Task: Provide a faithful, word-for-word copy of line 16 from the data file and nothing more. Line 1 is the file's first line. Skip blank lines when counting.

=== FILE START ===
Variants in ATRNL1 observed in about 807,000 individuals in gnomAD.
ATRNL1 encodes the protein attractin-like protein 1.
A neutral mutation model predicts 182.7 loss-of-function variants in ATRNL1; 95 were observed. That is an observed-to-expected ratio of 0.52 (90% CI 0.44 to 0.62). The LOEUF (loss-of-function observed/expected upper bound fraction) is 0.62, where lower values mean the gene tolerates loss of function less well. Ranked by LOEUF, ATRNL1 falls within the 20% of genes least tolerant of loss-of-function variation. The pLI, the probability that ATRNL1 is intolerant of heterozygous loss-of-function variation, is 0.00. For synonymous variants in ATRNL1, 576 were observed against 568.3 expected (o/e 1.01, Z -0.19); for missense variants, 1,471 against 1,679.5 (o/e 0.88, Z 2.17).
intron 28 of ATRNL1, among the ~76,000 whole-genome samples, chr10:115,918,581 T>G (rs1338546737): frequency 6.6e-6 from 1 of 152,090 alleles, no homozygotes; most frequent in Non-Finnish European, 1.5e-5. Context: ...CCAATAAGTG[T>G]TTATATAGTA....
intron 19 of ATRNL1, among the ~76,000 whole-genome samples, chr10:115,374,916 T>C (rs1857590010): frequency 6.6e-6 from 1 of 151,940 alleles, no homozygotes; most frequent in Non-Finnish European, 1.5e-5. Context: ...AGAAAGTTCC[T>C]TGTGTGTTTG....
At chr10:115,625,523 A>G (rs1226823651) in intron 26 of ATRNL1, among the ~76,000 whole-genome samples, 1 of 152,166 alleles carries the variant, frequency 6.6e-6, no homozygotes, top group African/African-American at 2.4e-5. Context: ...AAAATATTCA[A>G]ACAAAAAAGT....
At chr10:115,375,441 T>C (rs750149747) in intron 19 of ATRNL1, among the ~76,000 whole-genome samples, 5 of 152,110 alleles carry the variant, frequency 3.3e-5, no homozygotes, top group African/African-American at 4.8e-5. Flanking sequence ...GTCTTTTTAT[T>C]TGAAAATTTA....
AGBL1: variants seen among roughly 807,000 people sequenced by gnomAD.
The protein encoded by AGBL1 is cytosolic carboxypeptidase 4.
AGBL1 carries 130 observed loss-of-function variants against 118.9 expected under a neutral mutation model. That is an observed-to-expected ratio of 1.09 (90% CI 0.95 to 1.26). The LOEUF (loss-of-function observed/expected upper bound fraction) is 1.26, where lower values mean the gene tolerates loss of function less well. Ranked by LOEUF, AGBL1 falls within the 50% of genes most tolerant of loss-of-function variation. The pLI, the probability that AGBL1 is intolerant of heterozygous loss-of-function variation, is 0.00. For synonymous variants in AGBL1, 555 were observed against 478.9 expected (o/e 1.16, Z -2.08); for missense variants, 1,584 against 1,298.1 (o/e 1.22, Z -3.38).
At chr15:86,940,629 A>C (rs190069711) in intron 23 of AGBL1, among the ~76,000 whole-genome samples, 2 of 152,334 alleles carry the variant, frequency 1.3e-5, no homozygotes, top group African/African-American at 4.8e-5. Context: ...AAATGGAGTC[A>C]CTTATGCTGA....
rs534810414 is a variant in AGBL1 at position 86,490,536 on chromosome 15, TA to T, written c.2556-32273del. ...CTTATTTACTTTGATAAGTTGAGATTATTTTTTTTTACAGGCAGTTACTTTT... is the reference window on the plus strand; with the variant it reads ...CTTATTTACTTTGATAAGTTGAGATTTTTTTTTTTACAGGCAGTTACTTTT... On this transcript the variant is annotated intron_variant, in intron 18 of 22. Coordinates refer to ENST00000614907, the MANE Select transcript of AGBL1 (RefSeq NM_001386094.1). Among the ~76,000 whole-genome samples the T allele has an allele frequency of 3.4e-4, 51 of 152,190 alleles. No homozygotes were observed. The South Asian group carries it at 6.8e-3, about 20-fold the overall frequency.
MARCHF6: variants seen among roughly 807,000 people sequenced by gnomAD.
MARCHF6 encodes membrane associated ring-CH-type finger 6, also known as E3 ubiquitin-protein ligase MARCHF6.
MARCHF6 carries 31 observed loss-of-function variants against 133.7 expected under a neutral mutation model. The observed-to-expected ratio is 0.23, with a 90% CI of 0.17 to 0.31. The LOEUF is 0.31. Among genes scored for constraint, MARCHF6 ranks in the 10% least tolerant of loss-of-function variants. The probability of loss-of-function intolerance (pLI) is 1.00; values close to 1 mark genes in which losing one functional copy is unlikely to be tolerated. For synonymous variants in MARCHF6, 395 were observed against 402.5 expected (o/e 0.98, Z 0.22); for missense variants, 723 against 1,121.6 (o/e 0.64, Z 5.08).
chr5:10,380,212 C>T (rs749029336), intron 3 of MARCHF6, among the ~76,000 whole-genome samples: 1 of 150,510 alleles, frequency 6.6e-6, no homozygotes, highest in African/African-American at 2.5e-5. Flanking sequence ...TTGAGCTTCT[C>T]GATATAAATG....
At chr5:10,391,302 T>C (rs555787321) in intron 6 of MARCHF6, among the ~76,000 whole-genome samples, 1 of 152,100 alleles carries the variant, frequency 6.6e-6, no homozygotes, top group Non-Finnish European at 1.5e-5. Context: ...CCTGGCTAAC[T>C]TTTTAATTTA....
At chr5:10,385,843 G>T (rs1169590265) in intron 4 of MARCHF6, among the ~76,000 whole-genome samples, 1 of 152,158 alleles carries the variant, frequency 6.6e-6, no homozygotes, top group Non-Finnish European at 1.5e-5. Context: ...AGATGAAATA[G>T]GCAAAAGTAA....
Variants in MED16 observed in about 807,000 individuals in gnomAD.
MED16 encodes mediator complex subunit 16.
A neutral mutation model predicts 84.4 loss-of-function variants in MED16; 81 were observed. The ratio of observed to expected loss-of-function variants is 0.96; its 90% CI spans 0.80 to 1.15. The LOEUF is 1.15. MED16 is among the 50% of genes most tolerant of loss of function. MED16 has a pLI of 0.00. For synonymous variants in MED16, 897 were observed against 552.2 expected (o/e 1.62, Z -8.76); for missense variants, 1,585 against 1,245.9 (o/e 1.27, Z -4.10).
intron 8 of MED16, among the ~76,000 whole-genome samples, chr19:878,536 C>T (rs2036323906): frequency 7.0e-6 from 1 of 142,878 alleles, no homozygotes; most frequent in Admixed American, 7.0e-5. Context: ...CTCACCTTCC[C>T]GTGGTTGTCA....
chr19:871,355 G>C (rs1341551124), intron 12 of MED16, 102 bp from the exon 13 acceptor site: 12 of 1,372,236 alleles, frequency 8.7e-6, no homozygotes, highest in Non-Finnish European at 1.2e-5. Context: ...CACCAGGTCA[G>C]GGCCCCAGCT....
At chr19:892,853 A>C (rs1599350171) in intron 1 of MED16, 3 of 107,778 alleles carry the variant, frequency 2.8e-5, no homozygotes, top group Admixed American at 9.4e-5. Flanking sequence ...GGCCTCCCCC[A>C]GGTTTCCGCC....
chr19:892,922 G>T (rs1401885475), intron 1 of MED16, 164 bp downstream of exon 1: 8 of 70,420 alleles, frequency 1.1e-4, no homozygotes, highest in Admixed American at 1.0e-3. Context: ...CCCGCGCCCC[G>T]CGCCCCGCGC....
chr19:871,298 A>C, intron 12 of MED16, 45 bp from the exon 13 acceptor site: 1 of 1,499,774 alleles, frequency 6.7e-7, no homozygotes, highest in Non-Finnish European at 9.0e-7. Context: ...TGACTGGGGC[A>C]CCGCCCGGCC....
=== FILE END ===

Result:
chr5:10,380,212 C>T (rs749029336), intron 3 of MARCHF6, among the ~76,000 whole-genome samples: 1 of 150,510 alleles, frequency 6.6e-6, no homozygotes, highest in African/African-American at 2.5e-5. Flanking sequence ...TTGAGCTTCT[C>T]GATATAAATG....